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Friday, August 3, 2007

Danish Blue

By Ian Skidmore
I am a connoisseur of bad temper. My father was in a perpetual fury, which I put down to being in the trenches at the age of fifteen in the First World War. After the war he joined the police because, I firmly believe, of the opportunities it offered for hitting people.

In a siege in Manchester in the twenties he was shot in the head by an IRA man who later ran a Dublin dog track. In the family it was widely believed he was shot by his own inspector, worn out by my father’s incalcitrance.

Certainly, the inspector had been heard to shout: ‘Take that bloody gun off Skidmore before he kills us all.’

Parades disgusted him. Every year Manchester Police had a parade in a Fallowfield park.

The one year they allowed my father to take part he ruined the band’s first concert by shouting: ‘D’ye ken the Refrain from Smoking?’

Probably ill temper swims in our genes. Last year I discovered a cousin, the daughter of a brother of my grandfather, who none of the family knew about. We are not a close family. Except in disputes…

Every Hogmanay we went back to Edinburgh for a family party.

Every year my father would light a cigar to taunt my socialist uncle Tommy, who invented Scottish nationalism long before it became fashionable and was more Scottish than Harry Lauder. Probably because he was born in Newton le Willows, about which my father reminded him every year.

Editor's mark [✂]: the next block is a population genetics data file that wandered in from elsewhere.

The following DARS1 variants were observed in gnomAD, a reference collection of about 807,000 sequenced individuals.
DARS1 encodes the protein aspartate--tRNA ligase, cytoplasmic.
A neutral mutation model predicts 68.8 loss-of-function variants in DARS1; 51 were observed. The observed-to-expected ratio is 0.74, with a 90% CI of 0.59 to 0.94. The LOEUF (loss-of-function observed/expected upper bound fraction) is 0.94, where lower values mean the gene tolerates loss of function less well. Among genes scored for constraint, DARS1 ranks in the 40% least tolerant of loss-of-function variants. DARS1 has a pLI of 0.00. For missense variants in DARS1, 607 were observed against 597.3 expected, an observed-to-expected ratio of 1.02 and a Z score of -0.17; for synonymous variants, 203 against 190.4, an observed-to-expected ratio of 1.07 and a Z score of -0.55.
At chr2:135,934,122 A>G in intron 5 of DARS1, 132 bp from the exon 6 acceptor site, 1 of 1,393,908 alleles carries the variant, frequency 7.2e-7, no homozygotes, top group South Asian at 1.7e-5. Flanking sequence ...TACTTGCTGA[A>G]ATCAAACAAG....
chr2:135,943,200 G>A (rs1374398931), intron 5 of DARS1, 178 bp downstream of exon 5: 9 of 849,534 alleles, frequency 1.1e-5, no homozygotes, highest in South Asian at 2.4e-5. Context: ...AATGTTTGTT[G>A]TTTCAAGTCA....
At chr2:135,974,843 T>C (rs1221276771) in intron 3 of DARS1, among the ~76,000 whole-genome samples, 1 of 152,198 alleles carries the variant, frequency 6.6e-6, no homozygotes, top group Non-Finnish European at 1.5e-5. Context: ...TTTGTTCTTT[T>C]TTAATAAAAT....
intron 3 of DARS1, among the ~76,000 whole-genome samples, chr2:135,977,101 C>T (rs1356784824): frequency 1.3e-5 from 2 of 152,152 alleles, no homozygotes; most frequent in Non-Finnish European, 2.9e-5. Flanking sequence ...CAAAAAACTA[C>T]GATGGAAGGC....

The youngest brother, who tried to pacify him, was himself turned into a pillar of fury when my father told him: ‘I didna see you at Paschendale.’

There was always a fight on the early evening. The women placidly moved their chairs to the walls of the room where they sat, nibbling shortcake and gossiping, while the six brothers rolled fighting at their feet. Fighting that is until 11.55 pm when my Auntie Jeannie would say: ‘D’ye no ken the time?’

The brothers would get up, dust themselves down. And we would all join hands and sing Auld Lang Syne.

My step father in law, another Scot, improbably called The Menzies of Pitfoggle, was a GP in the Fens. A luckless journalist who went to him for advice on a sexual problem was chased down the drive of the surgery by Pitfoggle, hurling obscenities and, for all I know, pillboxes and bottles.

Yet, compared with Maurice Thompson, a photographer I worked with on the Yorkshire Evening News in Doncaster, they were, every one of them, tiny beams of sunshine.

The first time we worked together I was immediately rebuked for getting into his Morris Minor with mud on my shoes. Nervously I lit a cigarette and he launched another tirade about ash disposal.

How we ever became friends I do not know, but it came as a shock to discover he liked me.

Certainly it was nothing he said.

So it was a surprise when years later he rang me and asked whether I fancied a day trip to Copenhagen.

I am not a traveller. When we lived on the Isle of Anglesey my wife claimed I needed Quells before I would cross the Menai Strait and it is quite true I suggested a holiday once in Beaumaris, a pretty town about five miles from our home in Llanfairpwllgwyngoghchewernynllantisilogogogch. I never did learn how to spell it, much less pronounce it. And one of the reasons I was loath to leave it was the dread of getting lost and being unable to tell a taxi driver where I wanted to go.